The first College of Engineering student to receive this honor, Desai is the main developer of PharmaCheck, a low-cost, portable, robust, comprehensive diagnostic device that he and his PhD advisor, Associate Professor Muhammad Zaman (BME), are advancing to enable local health authorities to screen for substandard or counterfeit anti-malarials, antibiotics and other essential medicines. The need for such a device is particularly acute in the developing world, where counterfeit and substandard drugs are commonplace, leading to thousands of preventable deaths.
“We were thrilled to receive the award, which will go a long way in providing resources not only to complete development of the device, but also to leverage expertise in the area of counterfeit and substandard medicines screening,” said Desai, whose research involves a collaborative effort with the USP and the U.S. Agency for International Development (USAID).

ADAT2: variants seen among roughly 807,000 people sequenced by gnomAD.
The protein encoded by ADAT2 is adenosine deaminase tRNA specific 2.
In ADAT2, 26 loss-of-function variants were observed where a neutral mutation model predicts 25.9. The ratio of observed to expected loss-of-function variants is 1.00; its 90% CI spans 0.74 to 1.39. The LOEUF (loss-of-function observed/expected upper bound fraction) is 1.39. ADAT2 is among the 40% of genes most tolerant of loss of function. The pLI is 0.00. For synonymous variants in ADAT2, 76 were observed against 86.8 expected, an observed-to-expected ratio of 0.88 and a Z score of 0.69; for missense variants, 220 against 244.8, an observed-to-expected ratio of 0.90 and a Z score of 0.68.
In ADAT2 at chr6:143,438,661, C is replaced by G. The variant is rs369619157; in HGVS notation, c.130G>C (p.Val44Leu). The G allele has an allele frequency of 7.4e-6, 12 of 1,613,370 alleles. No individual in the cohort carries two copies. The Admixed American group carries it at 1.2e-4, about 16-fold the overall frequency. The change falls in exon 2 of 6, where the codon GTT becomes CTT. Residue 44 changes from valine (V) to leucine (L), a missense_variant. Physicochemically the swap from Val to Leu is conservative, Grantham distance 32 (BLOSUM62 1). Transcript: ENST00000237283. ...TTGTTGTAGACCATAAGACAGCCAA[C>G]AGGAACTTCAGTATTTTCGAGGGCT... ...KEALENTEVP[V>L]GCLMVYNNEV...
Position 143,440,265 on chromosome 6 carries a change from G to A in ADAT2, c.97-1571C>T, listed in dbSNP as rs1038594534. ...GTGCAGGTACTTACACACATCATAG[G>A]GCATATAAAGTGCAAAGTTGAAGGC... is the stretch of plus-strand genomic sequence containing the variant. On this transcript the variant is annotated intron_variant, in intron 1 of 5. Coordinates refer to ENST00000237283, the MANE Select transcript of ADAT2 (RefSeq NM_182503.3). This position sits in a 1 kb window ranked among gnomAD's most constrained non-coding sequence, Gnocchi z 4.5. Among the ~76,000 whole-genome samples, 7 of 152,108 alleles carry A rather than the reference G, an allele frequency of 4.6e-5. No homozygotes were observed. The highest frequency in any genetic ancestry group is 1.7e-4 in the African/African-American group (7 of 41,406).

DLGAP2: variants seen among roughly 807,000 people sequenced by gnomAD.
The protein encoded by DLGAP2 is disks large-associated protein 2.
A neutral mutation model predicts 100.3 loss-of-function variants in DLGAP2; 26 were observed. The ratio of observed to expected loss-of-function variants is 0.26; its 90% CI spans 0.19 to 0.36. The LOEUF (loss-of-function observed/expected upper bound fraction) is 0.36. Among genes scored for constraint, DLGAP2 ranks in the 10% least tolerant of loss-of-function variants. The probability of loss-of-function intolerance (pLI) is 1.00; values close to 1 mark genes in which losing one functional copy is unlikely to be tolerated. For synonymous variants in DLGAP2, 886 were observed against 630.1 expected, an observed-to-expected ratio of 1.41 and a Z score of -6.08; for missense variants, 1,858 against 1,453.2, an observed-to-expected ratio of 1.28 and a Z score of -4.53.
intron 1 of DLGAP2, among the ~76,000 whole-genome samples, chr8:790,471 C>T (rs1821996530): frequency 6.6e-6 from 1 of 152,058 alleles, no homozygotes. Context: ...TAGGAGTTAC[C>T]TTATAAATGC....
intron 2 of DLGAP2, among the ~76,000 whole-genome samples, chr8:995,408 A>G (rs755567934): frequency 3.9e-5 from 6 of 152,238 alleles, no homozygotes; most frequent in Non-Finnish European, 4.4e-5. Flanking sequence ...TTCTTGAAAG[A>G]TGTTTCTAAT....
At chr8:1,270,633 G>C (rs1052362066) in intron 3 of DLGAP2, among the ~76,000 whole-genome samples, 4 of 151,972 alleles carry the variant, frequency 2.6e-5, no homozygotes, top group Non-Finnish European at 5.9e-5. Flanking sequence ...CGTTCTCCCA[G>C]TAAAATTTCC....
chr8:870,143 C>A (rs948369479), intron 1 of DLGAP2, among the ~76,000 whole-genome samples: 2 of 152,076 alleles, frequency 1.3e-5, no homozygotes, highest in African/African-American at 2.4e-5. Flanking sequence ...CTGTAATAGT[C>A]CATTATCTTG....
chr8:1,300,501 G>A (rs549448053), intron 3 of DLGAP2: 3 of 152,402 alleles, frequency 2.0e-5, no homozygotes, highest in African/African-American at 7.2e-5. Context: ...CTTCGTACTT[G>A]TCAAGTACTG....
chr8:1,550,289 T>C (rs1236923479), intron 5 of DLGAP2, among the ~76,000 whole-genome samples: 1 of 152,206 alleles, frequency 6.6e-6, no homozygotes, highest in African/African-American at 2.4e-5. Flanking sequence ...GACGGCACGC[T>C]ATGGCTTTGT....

“The award is a testament to the fact that there is a broader appeal and appreciation for this technology that is shared by not just people in development circles but also among the most prestigious pharmaceutical and pharmacopeial communities,” said Zaman.
Founded in 1820, the USP is a scientific nonprofit organization that sets standards for the identity, strength, quality and purity of medicines, food ingredients and dietary supplements manufactured, distributed and consumed worldwide—standards enforceable in the U.S. by the Food and Drug Administration, and relied upon in more than 140 countries.